But what does Jesus mean by the word "gentle"? In Greek, the word Jesus uses here - is the same word the Apostle Paul uses to describe the fruit of the Spirit called gentleness. That word in Greek is prautes. Prautes was a term used for a medicine that was "mild". In that sense, we could say a person that is gentle is "easy on the stomach" - they are good to be around. And a person who is not gentle - is a person who upsets our stomachs - because they are so forceful or demanding or angry.2

Another way prautes is used is in reference to the taming of a wild animal. It is like a wild animal with its power under control.

This week, I discovered the story of Monty Roberts - the original horse whisperer. When Monty was growing up, he lived on a ranch with his father, who was physically abusive to him. His father was also rough on the horses on the ranch who he would break and tame in a traditional fashion. Monty knew there had to be a better way. And so, as he grew older and observed wild mustangs, he discovered that there was a way to "talk" to the horses and tame them without using fear or punishment. This type of horse training has become known as "gentling" a horse. It is a slow and gentle method of training - based on building a friendship and trust between you and the horse. The horse is still powerful - but that strength and power is now under control of the master and trainer. All that power and strength of the horse is still there but is now harnessed and useful for the Master. 3

Gentleness is not weakness but is strength under control. When you learn true gentleness as a man or woman or God it means that that you have your emotions under control. You don't over-react and fly off the handle. Jesus says as we walk with Him and keep company with Him - He can teach us how to be gentle and humble. He will lift the burdens in our life and give us the strength and power to be gentle as we relate to others. He will literally "gentle us" - like horse trainer gentles a horse - with trust and friendship. As we make Him the master of our lives - walking with Him daily - His gentleness will rub off on us. In fact, that is the only way we can be gentle.

Gentleness really is following the example of Jesus in reaching out with love and grace to others. A gentle person is thoughtful and considerate and calm as they interact with others. They try to look at others the way God sees them and want to treat them well…rather than tearing them down or being judgmental or critical. Gentle people reach out to others, like Jesus did, and show patience and love to people - even to the most difficult of people. Gentleness can really make a big difference in life.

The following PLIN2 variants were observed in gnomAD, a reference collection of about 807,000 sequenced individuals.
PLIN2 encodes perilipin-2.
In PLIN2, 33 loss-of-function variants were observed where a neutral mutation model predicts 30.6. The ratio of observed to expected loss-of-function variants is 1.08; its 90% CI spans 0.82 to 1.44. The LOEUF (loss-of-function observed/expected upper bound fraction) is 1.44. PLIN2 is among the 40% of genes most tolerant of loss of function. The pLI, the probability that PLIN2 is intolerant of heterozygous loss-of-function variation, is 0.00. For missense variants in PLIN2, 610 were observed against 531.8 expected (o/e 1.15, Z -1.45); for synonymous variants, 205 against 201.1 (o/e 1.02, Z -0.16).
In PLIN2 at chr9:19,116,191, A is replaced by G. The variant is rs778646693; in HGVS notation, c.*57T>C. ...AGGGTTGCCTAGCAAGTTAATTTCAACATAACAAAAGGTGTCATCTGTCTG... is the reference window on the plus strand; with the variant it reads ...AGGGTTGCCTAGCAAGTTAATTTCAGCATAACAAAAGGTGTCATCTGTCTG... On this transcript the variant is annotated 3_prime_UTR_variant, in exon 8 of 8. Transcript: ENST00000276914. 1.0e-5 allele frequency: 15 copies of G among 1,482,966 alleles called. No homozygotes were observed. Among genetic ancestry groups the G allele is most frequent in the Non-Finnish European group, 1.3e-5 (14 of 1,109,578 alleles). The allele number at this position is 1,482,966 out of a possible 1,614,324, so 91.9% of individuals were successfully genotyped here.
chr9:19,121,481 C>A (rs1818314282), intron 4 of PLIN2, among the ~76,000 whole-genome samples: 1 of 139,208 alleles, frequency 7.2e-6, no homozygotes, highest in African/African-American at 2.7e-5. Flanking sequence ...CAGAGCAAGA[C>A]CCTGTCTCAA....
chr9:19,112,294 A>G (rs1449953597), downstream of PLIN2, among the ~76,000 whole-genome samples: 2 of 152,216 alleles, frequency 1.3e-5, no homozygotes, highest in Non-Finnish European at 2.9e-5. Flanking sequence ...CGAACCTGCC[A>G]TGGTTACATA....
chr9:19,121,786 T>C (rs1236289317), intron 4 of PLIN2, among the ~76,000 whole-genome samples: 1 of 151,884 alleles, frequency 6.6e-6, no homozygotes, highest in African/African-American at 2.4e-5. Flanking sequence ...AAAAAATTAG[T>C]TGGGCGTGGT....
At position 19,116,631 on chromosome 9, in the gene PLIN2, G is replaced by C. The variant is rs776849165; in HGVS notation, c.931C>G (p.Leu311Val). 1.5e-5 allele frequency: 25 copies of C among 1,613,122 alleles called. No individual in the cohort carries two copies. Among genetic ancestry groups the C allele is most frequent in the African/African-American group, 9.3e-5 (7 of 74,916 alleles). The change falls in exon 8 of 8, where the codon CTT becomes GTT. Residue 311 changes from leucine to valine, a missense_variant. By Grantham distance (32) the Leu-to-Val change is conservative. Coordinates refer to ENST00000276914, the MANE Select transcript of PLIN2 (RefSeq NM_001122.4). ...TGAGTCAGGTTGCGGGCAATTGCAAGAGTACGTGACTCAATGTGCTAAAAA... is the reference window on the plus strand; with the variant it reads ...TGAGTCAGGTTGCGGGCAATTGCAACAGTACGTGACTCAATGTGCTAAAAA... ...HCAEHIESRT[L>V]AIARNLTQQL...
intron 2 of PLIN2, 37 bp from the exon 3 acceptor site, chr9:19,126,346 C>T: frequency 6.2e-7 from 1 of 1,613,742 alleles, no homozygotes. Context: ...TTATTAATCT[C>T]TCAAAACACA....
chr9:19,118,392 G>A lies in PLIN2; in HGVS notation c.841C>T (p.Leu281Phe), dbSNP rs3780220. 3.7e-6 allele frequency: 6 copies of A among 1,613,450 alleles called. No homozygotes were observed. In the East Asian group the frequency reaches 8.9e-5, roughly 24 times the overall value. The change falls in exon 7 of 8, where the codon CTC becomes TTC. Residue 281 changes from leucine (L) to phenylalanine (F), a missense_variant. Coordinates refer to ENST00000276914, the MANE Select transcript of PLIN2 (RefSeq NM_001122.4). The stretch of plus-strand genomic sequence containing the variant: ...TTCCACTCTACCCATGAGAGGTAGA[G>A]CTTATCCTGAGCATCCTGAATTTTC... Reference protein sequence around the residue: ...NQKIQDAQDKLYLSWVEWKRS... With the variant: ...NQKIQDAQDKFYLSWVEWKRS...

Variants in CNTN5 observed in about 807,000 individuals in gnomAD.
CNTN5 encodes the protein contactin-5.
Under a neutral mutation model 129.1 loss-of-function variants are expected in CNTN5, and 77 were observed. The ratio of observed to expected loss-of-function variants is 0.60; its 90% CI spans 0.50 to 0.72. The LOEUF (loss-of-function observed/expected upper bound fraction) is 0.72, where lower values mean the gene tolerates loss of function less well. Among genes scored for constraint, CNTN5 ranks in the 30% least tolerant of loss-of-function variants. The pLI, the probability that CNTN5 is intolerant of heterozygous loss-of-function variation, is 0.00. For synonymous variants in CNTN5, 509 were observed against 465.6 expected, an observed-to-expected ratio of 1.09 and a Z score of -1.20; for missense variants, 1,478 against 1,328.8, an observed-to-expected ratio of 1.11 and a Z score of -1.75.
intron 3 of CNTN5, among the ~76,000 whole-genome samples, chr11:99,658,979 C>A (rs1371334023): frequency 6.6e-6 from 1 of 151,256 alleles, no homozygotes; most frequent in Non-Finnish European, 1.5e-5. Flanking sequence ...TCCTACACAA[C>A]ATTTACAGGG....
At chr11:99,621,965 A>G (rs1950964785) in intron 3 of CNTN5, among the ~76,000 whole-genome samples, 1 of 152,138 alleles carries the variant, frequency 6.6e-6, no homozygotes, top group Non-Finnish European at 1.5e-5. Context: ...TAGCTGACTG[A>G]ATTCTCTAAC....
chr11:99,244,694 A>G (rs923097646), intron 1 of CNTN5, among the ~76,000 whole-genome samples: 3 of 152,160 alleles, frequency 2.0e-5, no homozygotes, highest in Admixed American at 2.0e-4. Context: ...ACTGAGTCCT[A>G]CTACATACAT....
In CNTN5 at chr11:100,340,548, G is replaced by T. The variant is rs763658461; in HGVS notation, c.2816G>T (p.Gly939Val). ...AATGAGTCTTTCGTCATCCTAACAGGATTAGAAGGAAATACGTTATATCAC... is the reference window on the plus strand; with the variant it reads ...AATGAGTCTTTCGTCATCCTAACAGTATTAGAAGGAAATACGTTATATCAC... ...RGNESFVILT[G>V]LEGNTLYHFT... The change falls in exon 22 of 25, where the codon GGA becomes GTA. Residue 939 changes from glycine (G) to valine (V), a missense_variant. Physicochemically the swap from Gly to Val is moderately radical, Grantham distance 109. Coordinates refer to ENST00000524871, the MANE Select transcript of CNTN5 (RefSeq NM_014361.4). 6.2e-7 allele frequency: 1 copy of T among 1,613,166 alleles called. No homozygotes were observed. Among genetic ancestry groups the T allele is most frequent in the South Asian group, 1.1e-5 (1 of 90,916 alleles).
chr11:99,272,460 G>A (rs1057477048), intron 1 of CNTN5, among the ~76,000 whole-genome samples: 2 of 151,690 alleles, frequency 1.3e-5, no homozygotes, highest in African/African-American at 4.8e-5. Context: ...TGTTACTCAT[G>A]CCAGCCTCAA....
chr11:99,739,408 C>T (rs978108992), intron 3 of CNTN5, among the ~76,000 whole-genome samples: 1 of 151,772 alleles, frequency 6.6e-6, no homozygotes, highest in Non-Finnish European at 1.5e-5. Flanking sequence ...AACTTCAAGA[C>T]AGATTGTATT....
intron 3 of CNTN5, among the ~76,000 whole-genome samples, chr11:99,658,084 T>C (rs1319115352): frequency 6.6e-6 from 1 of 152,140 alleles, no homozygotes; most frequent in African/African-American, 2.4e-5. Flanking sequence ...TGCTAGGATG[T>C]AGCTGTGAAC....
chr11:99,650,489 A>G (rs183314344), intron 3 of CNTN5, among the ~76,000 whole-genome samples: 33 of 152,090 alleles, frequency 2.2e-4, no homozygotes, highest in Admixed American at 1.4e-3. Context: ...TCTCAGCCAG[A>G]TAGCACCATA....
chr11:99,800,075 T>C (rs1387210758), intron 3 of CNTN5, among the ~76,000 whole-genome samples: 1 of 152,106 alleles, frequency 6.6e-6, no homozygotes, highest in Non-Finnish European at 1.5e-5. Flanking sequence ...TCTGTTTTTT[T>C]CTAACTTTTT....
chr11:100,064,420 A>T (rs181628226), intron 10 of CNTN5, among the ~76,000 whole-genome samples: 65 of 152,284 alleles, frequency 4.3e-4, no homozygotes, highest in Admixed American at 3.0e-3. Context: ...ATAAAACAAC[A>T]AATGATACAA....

Gentleness can reduce conflict. We all have times when we have had disagreements or arguments with our spouse or a friend or family member. And if we've had children, we've also had times when we've had to discipline them or get after them for their behavior. Have you noticed that raising your voice - nagging and using harsh words never works? Our anger and demanding attitude just seems to escalate the situation - causing tempers to flare, feelings to be hurt and relationships to be damaged. And disciplining a child in anger can destroy a child's spirit, making the child fearful and causing a breach in the relationship. But when we respond with gentleness, the whole situation changes. Proverbs 15:1 says: "A gentle answer deflects anger, but harsh words make tempers flare." Instead of lashing back, demanding our own way - when we respond with gentleness, showing respect and kindness - anger is diffused and problems can be worked out calmly and peacefully. Children will feel loved and supported and encouraged - and relationships can be restored. Proverbs 25:15 says, " Patience and gentle talk can convince a ruler and overcome any problem."

When we let Christ have control over the way we think and respond to others - and we choose to be gentle in our dealing with others - we can work to overcome those problems we encounter.

We are to treat others like God treats us - with patience and kindness and forgiveness. Colossians 3:12-13 says: "12 Therefore, as God's chosen people, holy and dearly loved, clothe yourselves with compassion, kindness, humility, gentleness and patience. 13 Bear with each other and forgive one another if any of you has a grievance against someone. Forgive as the Lord forgave you.14 And over all these virtues put on love, which binds them all together in perfect unity.

Gentleness helps us in resolving conflict - and gentleness can also strengthen our testimony. We have a world that is watching us. So many unbelievers have no idea who Jesus is. All too often, people see Christians who are mean-spirited or judgmental - or impatient or rude. That does not reflect who Jesus is or who He called us to be. The Apostle Paul tells us that our gentleness should be evident to all (Philippians 4:5).